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Testing policies and guidelines news

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HIV self-testing has several advantages, but some barriers to HIV testing likely to remain

A service offering kits for HIV self-testing in South Africa has the potential to improve uptake of HIV testing by individuals who fear breaches of confidentiality or

Published
07 June 2016
By
Roger Pebody
Zimbabwe: Mandatory HIV testing for kids ill-conceived

The decision by the Harare Municipality to embark on a mandatory HIV testing of pupils in all council-run primary schools as part of a health education, is ill-conceived and could entrench stigma and traumatise those suspected to be infected.

Published
24 May 2016
From
The Herald
Successful diagnosis of acute/early HIV infections may have contributed to fall in HIV incidence in San Diego

An HIV testing programme targeting individuals with acute/early infection likely contributed to a decline in incident infections in San Diego after 2008, investigators report in Clinical Infectious Diseases.

Published
17 May 2016
By
Michael Carter
New York: Cuomo’s HIV/AIDS legislation targets 2020 to end epidemic

Gov. Andrew M. Cuomo announced legislation Sunday that would implement parts of his plan to eliminate HIV/AIDS as an epidemic by 2020, but advocates said it leaves out some of his task force’s recommendations.

Published
17 May 2016
From
Newsday
South Africa moves to ‘test and treat’

Treasury has allocated an extra R1-billion to finance this “universal test and treat” (UTT) programme, Health Minister Aaron Motsoaledi announced during his budget speech in Parliament today.

Published
16 May 2016
From
Health-e News
Is the UK meeting its national guidelines for HIV testing of MSM?

The potential role of frequent HIV testing in curbing the HIV epidemic among the MSM population has long been recognized. The introduction of the strategy of ‘opt-out’ testing in the UK (2007), as in other countries at around the same time, brought a steep rise in testing, followed by stabilization (McDaid & Hart (STIs); Saxton […]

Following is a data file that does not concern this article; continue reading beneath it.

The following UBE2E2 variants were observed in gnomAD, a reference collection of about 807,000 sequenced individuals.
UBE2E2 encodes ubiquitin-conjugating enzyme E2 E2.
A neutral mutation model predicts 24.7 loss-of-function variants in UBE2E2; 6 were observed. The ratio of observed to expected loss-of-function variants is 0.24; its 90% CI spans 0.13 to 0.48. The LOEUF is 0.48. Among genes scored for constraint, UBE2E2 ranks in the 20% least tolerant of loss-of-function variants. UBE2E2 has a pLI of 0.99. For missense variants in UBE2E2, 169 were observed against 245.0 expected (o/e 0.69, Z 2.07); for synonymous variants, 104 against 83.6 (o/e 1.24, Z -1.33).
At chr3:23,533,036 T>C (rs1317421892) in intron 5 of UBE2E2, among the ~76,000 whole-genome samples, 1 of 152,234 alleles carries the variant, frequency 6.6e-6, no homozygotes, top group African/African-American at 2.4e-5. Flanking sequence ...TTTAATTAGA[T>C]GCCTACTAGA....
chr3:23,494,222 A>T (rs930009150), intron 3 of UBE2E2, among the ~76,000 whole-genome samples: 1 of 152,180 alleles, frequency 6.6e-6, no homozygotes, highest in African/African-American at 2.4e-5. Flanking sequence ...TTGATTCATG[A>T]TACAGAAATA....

Published
10 May 2016
From
BMJ Group blogs
Why We're Missing Some Acute HIV Diagnoses

A test for acute HIV infection should be offered to those who report having symptoms within the last two weeks, not just those experiencing them at the time of testing, a new study suggests.

Published
04 May 2016
From
MD Magazine
First data on uptake of HIV self-testing in the UK

Between April 2015 and February 2016, almost 28,000 people have paid £29.95 for a kit allowing them to test for HIV at home, according to a presentation

Published
26 April 2016
By
Roger Pebody
Opt-out HIV testing in a hospital emergency department may cost less than managing two patients with undiagnosed HIV

Opt-out HIV testing in accident and emergency departments in areas of high HIV prevalence is likely to save NHS trusts money by avoiding expensive in-patient admissions for

Published
26 April 2016
By
Roger Pebody
Partner notification feasible and effective in African settings

Partner notification programmes, offering HIV testing to the sexual partners of people newly diagnosed with HIV, have rarely been implemented in African countries, but can be highly

Published
25 February 2016
By
Roger Pebody

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Community Consensus Statement on Access to HIV Treatment and its Use for Prevention

Together, we can make it happen

We can end HIV soon if people have equal access to HIV drugs as treatment and as PrEP, and have free choice over whether to take them.

Launched today, the Community Consensus Statement is a basic set of principles aimed at making sure that happens.

The Community Consensus Statement is a joint initiative of AVAC, EATG, MSMGF, GNP+, HIV i-Base, the International HIV/AIDS Alliance, ITPC and NAM/aidsmap
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This content was checked for accuracy at the time it was written. It may have been superseded by more recent developments. NAM recommends checking whether this is the most current information when making decisions that may affect your health.

NAM’s information is intended to support, rather than replace, consultation with a healthcare professional. Talk to your doctor or another member of your healthcare team for advice tailored to your situation.